NIU STEAM partners with Taiwan’s Fuhsing K-12 school to promote project-based STEAM learning

When James Wu became the new principal of Taipei Fuhsing Private School last year, he had ambitious dreams to expand the 3,500-student K-12 school by building a second campus. This second campus, to be dubbed the “Innovation Academy” would focus on a problem-based STEM/STEAM curriculum (science, technology, engineering, art and math). However, Wu also knew it would take some time and knowledge-building to bring the 75-year-old institution up to the cutting edge of 21st-century education.

Fuhsing administrators practiced hands-on STEAM activities at NIU.

That’s where NIU STEAM comes in. As part of their learning process, Wu and 14 of his school’s deans and administrators visited Northern Illinois University in early February 2020 for a week of school visits, field trip observations and teacher professional development organized by NIU STEAM.

Kristin Brynteson, director of professional development for NIU STEAM, says, “It was a pleasure to welcome Principal Wu and his team and to hear about their goals. I enjoyed learning what their classroom environment and instruction look like and getting a chance to learn from their rich history. It was also exciting to hear their questions and to have discussions around STEAM learning from our two perspectives.”

“STEM has already become a world issue,” Wu says, “but in Taiwan, I would say the STEM curriculum is still in the kindergarten stage, so we need to come to the U.S. to learn from you.”

“Everyone is talking about STEM,” he continues, “but not many schools are actually doing that correctly. [We think] the NIU model is the right one.”

Rachel Chen, dean of the elementary bilingual division at Fuhsing, was particularly impressed with the NIU STEM Read fourth-grade school field trip that the group observed. “I didn’t know what to expect before I came, but I realized I’ve learned something new every day,” she says. “I’m very impressed with how you incorporate reading into the STEM program. So far, we do STEM only in science class, following the textbook … but we never really thought about how this can expand [to be] cross-curricular.”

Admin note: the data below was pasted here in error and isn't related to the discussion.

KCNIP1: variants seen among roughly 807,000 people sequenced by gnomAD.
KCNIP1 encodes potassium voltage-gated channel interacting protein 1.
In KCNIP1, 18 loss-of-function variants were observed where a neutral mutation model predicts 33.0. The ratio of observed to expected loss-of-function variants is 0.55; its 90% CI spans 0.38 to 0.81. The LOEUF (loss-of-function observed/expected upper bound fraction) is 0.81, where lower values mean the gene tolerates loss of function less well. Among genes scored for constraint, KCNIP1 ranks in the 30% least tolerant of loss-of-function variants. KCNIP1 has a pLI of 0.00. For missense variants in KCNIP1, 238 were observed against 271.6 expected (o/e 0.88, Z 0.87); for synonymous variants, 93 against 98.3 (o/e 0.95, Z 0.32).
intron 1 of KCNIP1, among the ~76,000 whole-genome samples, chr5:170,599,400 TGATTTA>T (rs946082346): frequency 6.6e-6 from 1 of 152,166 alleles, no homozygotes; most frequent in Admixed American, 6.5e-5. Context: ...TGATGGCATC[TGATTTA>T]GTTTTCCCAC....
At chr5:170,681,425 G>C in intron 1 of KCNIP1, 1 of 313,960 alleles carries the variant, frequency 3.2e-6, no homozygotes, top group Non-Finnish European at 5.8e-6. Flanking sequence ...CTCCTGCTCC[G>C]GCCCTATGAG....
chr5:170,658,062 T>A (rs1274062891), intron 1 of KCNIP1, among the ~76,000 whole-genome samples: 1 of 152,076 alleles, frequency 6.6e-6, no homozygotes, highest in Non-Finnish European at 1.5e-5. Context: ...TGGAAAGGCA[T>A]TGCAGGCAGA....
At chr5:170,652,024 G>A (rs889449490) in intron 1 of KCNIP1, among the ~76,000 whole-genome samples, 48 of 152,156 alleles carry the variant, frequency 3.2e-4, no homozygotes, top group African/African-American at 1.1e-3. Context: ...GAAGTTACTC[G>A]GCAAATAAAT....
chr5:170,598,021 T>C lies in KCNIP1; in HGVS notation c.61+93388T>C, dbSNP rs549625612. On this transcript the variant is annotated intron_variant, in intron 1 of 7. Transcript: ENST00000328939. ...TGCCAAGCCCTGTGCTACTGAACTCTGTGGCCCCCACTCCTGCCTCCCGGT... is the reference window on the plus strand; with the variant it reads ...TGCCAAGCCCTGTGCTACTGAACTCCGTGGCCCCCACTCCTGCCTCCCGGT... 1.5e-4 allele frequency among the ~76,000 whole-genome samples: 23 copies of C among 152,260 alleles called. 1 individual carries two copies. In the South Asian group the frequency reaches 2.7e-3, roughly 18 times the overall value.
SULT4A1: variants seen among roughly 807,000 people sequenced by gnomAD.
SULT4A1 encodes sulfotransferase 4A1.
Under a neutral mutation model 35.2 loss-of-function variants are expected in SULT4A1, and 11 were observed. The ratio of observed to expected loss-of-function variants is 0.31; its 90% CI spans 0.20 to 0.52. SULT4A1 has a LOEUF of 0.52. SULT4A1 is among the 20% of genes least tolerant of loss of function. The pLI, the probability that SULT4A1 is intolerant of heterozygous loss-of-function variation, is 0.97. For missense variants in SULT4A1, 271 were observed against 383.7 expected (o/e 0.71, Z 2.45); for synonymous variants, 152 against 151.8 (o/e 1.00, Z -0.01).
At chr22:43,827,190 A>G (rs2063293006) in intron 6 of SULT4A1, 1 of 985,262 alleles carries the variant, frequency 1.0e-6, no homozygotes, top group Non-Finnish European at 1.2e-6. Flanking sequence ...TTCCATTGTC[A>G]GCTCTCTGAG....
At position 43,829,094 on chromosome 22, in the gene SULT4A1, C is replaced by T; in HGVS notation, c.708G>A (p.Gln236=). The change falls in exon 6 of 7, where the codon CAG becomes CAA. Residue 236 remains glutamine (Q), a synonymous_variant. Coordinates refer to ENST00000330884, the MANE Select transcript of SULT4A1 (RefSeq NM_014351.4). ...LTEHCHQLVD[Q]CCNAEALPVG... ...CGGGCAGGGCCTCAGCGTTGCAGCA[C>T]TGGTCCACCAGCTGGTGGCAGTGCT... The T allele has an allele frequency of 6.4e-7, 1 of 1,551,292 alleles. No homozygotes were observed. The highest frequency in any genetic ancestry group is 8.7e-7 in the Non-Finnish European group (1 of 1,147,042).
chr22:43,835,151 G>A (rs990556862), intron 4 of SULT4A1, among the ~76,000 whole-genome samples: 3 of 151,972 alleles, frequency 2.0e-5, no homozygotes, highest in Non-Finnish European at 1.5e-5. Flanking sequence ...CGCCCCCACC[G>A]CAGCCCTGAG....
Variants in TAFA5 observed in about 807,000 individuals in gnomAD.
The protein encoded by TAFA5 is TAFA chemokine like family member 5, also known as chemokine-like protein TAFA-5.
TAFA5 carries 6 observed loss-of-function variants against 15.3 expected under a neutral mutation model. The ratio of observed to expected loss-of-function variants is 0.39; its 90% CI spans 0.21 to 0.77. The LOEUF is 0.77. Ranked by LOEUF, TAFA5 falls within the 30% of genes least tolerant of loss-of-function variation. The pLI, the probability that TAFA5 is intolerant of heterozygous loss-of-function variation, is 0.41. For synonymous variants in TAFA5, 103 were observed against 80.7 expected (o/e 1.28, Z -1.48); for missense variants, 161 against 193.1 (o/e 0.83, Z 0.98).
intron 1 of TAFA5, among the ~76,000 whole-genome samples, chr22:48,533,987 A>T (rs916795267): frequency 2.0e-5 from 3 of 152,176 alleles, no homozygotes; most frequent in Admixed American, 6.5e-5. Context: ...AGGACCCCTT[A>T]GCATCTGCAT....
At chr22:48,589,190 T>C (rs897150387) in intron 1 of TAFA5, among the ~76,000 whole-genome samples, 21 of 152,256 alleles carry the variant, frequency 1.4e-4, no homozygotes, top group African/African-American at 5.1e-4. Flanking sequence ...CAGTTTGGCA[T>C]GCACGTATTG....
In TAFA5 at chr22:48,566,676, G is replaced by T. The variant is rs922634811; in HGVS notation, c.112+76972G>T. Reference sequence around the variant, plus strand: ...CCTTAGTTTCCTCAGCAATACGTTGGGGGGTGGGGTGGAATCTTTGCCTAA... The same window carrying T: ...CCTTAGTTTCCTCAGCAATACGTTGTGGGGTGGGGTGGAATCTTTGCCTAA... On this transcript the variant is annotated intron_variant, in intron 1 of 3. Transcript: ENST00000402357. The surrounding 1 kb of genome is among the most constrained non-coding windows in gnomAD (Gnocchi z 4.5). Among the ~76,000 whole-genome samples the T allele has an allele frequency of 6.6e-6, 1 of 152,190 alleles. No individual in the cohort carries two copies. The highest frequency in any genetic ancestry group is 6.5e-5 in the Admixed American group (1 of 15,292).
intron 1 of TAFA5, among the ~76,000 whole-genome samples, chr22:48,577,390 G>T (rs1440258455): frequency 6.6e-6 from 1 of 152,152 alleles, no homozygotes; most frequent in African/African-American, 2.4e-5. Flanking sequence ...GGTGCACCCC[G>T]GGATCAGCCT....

Chen says the school has begun cross-curricular planning around a common topic each semester (this year’s focus is on loving and protecting the earth), so she’s excited to see how STEM activities could be connected to this shared topic in all classes.

Both Chen and Dorcas Juan, head of bilingual education and director of college counseling at Fuhsing, found the focus on allowing students to make mistakes and accept failure as a part of the learning process to be the most challenging aspect of the STEAM mindset.

“I think in Taiwan, in Asian philosophy … we don’t like failure,” Juan says. “Students don’t like to have failure or experience mistakes, and so we always tell them how to do things and give them a standard answer. But when we come here, we see that in doing STEM students need to learn by making mistakes, students need to learn by experiencing failure, and then they know how to make … decisions.”

Juan continues, “For the teachers, it’s hard to see students fail when we can tell them the right answer and then that saves time. Especially when we have a lot to teach, and we think that if we give them time to [fail and try again], then we won’t have time to finish everything.”

Fuhsing administrators visited Mr. Anderson’s 5th grade class in the Maker Space lab at Genoa Elementary to see how STEAM was incorporated into the curriculum.

However, Juan notes, “If we can plan the lesson well enough, just like we saw this morning … the lesson plan actually covers everything, even though it doesn’t seem that the teacher does a lot of teaching. By doing hands-on activities, by trial and error, students learn and that’s actually what stays in their minds longer.”

As they begin to imagine a new STEAM curriculum for Fuhsing School, Wu and his team are grateful for the guidance NIU STEAM has offered so far, and they’re looking forward to continued opportunities to work together.

“For an old school, which is already 75 years old, to come up with a new curriculum is not easy,” Wu says. “So we could be asking NIU for help supporting us, guiding us. When we set up the second campus, we would like to bring the STEAM curriculum inside and make it happen.”

“I wish you had NIU in Taipei!” Chen adds. “I think you have done so much. I’m very touched. I love the people here. They’re all friendly, and I can see how much you want to try to help schools around here. I think you’re helping students here to see a vision, see a dream… a future dream that they can approach, and I think you are doing a wonderful job.”

For more information about NIU STEAM, in the Division of Outreach, Engagement and Regional Development visit niu.edu/niusteam.

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